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Can Soyasaponin I and Mono- and Bi- Desmosides Isolated from Mungbeans Serve as Growth Enhancers in Mungbeans and Lettuce?

  • G. R. Waller
  • C. F. Yang
  • L. F. Chen
  • C. H. Su
  • R. M. Liou
  • S. C. Wu
  • C. C. Young
  • M. R. Lee
  • J. S. Lee
  • C. H. Chou
  • D. Kim
Part of the Advances in Experimental Medicine and Biology book series (AEMB, volume 405)

Abstract

Mungbeans (Vigna radiata L.) are a crop plant of economic significance in Taiwan and countries around the world. Recently they were found to produce mono- and bi- desmosidic saponins1–3, with soyasaponin I being dominant. Little is known about the biological activity of saponins on the plant that produces them, although some reports on allelopathic activity (both inhibitory and stimulatory) have been published for mungbeans4,5. Research showing the presence of steroid saponins in the plant kingdom and their significance to plant growth was reported6. Some of the earliest work was performed on steroid saponins7, where the growth rate of wheat embryos was approximately doubled by optimum concentration of saponins. The treatment of tomato seed and cereals with dilute solutions of saponins accelerated germination and increased the growth rate. Seeds of pea or corn absorbed water more rapidly in the presence of saponins with a corresponding increase of growth rate. Speculation7 is to why steroidal saponins increase growth of pea embryos by 40%. These effects may be due to some surface-active activity, which modulate the relation of water to embryos and seedlings in cultivars. It was determined that steroidal saponins exhibit strong auxin activity at very low concentration8.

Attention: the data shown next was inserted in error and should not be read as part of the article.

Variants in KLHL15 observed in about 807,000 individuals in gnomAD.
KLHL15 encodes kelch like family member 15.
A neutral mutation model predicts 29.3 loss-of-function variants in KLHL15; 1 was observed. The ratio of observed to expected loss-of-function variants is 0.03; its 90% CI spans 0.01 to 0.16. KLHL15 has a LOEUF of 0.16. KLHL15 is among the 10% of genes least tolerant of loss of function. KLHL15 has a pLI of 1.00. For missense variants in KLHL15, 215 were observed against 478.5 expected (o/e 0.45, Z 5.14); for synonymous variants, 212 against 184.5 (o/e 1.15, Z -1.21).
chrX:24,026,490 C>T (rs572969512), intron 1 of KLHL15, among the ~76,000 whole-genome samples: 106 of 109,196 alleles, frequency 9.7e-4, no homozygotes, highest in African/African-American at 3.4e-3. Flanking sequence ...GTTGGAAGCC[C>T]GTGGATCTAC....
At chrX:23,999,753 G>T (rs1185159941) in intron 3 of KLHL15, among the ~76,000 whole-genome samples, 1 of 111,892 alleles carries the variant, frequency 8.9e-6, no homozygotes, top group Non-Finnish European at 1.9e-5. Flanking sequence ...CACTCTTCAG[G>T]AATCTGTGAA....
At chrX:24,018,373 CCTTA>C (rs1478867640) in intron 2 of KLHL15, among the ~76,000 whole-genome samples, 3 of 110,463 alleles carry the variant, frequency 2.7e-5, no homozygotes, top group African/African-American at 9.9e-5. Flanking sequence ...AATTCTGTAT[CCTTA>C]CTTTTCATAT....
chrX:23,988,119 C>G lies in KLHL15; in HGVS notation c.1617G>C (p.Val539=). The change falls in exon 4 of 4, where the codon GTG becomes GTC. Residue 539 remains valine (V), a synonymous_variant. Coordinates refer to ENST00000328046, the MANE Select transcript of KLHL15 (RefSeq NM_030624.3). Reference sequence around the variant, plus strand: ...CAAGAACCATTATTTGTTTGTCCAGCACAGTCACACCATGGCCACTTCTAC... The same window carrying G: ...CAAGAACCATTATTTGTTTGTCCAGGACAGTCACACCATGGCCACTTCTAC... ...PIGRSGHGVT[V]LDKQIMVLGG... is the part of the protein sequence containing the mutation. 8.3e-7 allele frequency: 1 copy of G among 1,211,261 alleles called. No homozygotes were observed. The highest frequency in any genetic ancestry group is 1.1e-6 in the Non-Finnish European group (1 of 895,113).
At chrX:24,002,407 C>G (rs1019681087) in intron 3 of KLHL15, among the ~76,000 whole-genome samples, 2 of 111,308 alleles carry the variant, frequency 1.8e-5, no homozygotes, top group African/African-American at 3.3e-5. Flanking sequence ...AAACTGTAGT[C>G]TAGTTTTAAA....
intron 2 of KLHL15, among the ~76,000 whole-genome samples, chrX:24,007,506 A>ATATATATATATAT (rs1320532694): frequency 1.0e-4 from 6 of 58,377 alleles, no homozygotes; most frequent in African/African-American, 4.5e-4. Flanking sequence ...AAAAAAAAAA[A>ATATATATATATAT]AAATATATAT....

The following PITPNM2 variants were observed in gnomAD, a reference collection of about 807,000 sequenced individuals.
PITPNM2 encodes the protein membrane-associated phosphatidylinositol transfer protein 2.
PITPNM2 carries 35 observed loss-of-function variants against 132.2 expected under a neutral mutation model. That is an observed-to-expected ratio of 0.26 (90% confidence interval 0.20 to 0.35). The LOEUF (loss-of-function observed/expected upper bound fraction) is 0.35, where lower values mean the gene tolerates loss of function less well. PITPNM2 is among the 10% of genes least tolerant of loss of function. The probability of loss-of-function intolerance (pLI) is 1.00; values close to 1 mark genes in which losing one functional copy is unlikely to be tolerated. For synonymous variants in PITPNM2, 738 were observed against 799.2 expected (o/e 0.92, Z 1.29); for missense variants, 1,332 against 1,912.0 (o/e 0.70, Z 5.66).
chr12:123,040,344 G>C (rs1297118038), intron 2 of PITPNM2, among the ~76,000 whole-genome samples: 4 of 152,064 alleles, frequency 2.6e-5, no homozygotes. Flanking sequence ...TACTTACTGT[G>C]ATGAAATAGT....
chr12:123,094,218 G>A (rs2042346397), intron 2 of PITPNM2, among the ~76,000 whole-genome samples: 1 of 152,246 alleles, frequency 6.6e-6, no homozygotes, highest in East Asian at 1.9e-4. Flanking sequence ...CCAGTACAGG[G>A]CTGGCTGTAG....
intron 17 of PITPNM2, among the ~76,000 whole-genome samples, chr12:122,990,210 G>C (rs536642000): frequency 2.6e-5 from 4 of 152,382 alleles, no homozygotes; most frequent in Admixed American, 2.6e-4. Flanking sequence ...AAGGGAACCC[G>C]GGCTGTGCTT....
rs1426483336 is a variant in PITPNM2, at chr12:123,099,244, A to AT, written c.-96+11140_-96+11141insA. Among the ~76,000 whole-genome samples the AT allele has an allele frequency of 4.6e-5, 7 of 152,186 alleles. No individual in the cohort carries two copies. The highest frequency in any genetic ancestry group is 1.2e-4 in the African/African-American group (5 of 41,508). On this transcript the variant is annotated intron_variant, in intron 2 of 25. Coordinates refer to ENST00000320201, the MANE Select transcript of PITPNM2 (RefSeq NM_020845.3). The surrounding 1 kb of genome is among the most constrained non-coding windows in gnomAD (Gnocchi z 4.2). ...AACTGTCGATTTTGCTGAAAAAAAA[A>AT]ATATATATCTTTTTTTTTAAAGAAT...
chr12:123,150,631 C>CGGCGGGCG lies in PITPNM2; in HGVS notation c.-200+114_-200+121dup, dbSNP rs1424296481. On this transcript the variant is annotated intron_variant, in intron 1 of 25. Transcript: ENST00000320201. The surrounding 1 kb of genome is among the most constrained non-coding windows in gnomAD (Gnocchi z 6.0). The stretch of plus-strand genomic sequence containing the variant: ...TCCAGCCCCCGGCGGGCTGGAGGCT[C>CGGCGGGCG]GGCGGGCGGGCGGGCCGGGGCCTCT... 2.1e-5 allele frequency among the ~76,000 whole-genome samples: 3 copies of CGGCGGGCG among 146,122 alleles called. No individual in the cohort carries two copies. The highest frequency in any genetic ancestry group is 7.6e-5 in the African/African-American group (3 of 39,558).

Keywords

Mung Bean Steroidal Saponin Vigna Radiata Trifoliate Leaf Allelopathic Activity 
These keywords were added by machine and not by the authors. This process is experimental and the keywords may be updated as the learning algorithm improves.

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Copyright information

© Plenum Press, New York 1996

Authors and Affiliations

  • G. R. Waller
    • 1
  • C. F. Yang
    • 2
  • L. F. Chen
    • 3
  • C. H. Su
    • 3
  • R. M. Liou
    • 3
  • S. C. Wu
    • 3
  • C. C. Young
    • 3
  • M. R. Lee
    • 4
  • J. S. Lee
    • 4
  • C. H. Chou
    • 2
  • D. Kim
    • 5
  1. 1.Department of Biochemistry and Molecular Biology Oklahoma Agricultural Experiment StationOklahoma State UniversityStillwaterUSA
  2. 2.Institute of BotanyAcademia SinicaTaipeiTaiwan
  3. 3.Department of Soil ScienceNational Chung Hsing UniversityTaichungTaiwan
  4. 4.Department of ChemistryNational Chung Hsing UniversityTaichungTaiwan
  5. 5.Asian Vegetable Research and Development CenterTainanTaiwan

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